EAT FAT TO LOSE FAT. YOU READ THAT RIGHT.
So whether your internal dialogue (aka your thoughts – that ever so elusive voice inside your head that for some reason you cannot figure out whether you are friends or enemies with? *) is as polished as what you vocalize around the boss you are trying to impress and says “this affirmation must be inaccurate,” or it simply says “wtf, you cant eat fat to lose fat” chances are you are confused after reading the title of this post.
First, I would like to say that if you are in the first group that’s inner voice uses the diction “affirmation,” or “inaccurate” well that inner voice is a total dweeb, and you may be one too. Second, I can support the claim made in the title with science and metrics – your boss will like that, bosses like cute graphs and pointless meetings in corporate America. But let’s not digress...
Let us start by assuming (Yes, when I tell you to assume please just assume. For me? At least till the end of the post? Please?) that for us to achieve our fitness goals (or any goals for that matter) or at least effectively pursue them, we need to start applying the inside out approach*. We must intrinsically change ourselves and the way our body responds to the plethora of stimuli that impact it each and every day. To be effective, our focus must be on making positive changes in the way we respond to food, cardiorespiratory and load training, sleep, and all the other variables that effect our overall level of fitness. To clarify, we should NOT be focused on directly impacting or dictating the output, but instead, we should be focusing on improving our responses to inputs and this progressive improvement in responsiveness will not only provide us with results more efficiently, but will provide more longevity in our results and better overall health.
Okay cool, but now tell me how I can eat Twinkies and lose fat like the title claims, you might be thinking. Stuffing your face with saturated fats may not be the best thing, but I stand by the fact that you should eat healthier fats in order to lose fat based on the application of the principle of metabolic responsiveness. Our
body is an adaptive organism that will change and adjust its secretion of hormones and enzymes based on what you put into it. Eat carbs, the body will decide to utilize them and effectively store them away. Eat proteins, the body will make the decision to break the long chains of proteins into smaller blocks to rebuild muscle tissue.
Wait a second…. So if you eat more fats… you guessed it; your body will become more efficient in burning fat! If you eat less fat, the body will hoard whatever it has and become incredibly ineffective in burning it which is NOT what we want.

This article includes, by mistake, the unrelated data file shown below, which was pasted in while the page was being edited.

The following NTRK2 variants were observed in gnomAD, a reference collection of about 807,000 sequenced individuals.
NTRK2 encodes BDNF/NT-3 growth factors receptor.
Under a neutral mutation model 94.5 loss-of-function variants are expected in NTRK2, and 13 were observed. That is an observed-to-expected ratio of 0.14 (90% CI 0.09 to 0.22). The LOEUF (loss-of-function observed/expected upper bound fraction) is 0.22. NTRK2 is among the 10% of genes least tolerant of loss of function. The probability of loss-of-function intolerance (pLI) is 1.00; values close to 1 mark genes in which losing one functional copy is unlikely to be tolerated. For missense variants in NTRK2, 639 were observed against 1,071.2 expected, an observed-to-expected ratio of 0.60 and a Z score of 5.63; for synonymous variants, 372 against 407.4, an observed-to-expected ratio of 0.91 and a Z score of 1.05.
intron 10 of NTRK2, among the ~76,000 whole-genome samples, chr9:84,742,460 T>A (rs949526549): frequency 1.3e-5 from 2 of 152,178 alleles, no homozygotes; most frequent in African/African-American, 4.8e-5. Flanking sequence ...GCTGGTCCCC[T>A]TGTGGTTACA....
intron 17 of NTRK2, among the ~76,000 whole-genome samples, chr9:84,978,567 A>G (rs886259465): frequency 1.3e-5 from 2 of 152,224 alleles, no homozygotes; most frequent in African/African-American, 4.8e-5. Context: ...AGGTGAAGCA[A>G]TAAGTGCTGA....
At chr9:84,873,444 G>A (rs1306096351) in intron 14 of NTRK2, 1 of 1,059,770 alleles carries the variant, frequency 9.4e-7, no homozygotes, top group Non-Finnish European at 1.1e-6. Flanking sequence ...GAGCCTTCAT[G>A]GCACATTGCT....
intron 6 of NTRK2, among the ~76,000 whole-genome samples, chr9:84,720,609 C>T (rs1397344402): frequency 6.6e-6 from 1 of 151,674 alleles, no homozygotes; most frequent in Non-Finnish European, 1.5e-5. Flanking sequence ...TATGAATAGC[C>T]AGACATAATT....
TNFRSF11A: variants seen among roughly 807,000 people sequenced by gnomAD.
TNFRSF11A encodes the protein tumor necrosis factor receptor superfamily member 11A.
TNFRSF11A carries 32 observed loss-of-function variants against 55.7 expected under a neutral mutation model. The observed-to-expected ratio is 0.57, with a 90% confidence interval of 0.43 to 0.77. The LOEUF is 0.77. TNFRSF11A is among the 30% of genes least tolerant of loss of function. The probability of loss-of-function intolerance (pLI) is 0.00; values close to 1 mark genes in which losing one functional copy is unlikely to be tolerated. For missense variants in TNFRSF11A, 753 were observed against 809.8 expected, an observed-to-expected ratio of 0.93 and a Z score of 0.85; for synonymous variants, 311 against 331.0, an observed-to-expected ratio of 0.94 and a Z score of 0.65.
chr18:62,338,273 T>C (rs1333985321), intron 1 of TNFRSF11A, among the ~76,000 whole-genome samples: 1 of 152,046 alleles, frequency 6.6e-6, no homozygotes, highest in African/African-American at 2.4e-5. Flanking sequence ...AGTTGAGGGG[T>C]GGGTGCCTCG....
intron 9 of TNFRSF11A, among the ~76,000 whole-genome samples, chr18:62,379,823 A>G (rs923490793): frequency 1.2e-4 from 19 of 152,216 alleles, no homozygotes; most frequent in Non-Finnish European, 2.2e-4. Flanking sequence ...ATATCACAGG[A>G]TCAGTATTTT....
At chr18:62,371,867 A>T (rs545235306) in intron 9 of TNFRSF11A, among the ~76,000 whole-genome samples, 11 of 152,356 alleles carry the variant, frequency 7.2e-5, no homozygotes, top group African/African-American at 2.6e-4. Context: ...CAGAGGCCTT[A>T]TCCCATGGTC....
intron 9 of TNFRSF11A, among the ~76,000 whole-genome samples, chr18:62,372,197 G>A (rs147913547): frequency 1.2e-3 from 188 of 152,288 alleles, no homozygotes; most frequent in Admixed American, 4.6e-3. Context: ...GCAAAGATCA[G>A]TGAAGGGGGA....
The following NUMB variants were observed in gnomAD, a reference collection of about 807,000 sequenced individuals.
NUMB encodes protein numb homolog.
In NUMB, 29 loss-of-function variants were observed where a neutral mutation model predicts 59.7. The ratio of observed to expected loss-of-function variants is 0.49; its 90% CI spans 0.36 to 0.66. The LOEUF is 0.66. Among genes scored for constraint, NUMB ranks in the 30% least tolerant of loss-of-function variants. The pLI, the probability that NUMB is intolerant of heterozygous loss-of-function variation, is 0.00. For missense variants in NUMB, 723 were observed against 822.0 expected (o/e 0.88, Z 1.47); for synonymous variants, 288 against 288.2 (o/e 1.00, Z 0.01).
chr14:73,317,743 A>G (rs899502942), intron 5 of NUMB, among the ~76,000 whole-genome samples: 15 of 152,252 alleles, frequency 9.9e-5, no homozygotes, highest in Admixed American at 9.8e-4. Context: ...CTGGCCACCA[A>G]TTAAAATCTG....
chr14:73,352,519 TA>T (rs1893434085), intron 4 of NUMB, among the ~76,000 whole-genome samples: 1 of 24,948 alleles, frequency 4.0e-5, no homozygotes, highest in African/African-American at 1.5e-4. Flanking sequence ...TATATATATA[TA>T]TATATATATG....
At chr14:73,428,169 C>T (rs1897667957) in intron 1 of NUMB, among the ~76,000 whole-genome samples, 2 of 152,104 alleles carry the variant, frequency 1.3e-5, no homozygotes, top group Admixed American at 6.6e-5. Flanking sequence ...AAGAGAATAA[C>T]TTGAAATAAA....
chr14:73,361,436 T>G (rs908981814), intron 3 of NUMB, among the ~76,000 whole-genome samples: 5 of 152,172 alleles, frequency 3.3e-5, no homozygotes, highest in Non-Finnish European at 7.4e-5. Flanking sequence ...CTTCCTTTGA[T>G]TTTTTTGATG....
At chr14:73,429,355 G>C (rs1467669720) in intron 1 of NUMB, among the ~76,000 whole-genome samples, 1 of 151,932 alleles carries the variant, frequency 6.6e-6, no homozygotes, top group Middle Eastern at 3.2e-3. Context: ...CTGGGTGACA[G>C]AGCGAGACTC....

But be careful. You are not going to lose fat if you start eating Avocados and peanut butter all day; you also have to be conscious of your other macronutrients* (Carbohydrates, and protein). We will not get too much into the science, but lets scratch the surface a bit. You got these two guys that are impacted by carbs and protein: LPL –
Lipoprotein Lipase and HSL – Hormone Sensitive Lipase that decided to make this whole diet thing complex.
Let’s start with a diet high in carbohydrates and fat. What happens if you eat a lot of both? Well the
carbohydrates will cause insulin to release which causes body tissue to grow due to the mechanism of action of LPL and HSL. When insulin rises, LPL increases in fat cells and decreases in muscle cells; so fat gets sucked into the fat cells, and the muscle cells cannot utilize fat as an energy source. What happens to it?
Well, you save some for a little later. HSL, which functions to remove fats from fat cells by breaking triglycerides down into
fatty aids also gets shut down by this evil insulin guy. Ok, so then high proteins and high fats has got to do the magic. Not quite; carbs spike insulin, but guess what else does in high quantities; PROTEIN!
Let’s throw another curve ball in there; if your carbohydrates remain low for too long, your metabolism will slow, so you do not want to deplete yourself of them for too long. So carbs were totally evil two minutes ago, but now they are only a little evil? Seriously Neal, what macronutrient ratio should I use alongside high fats?
There is a lot of debate on this topic, and everyone is impacted by a wide array of factors so the answer to that question is NOT cut and dry. Between the variance from person to person in terms of goals, genetics, differences in supplementation, consumption of alcohol, use of recreational and performance enhancing drugs, sleep, workout intensity and volume, cardiorespiratory training, hormonal levels, etc...
I cannot give one definitive answer. What I will say is this: A diet high in fats, with moderate levels of protein, and low levels of
carbohydrates* for most of the week, and one or two days of moderate to above moderate levels of carbohydrates with fats and proteins remaining the same or being slightly reduced on the higher carb day seems to be effective and aligns with all the scientific principles explained. Thoughts?
*Content written by Ambassador Neal Thakkar*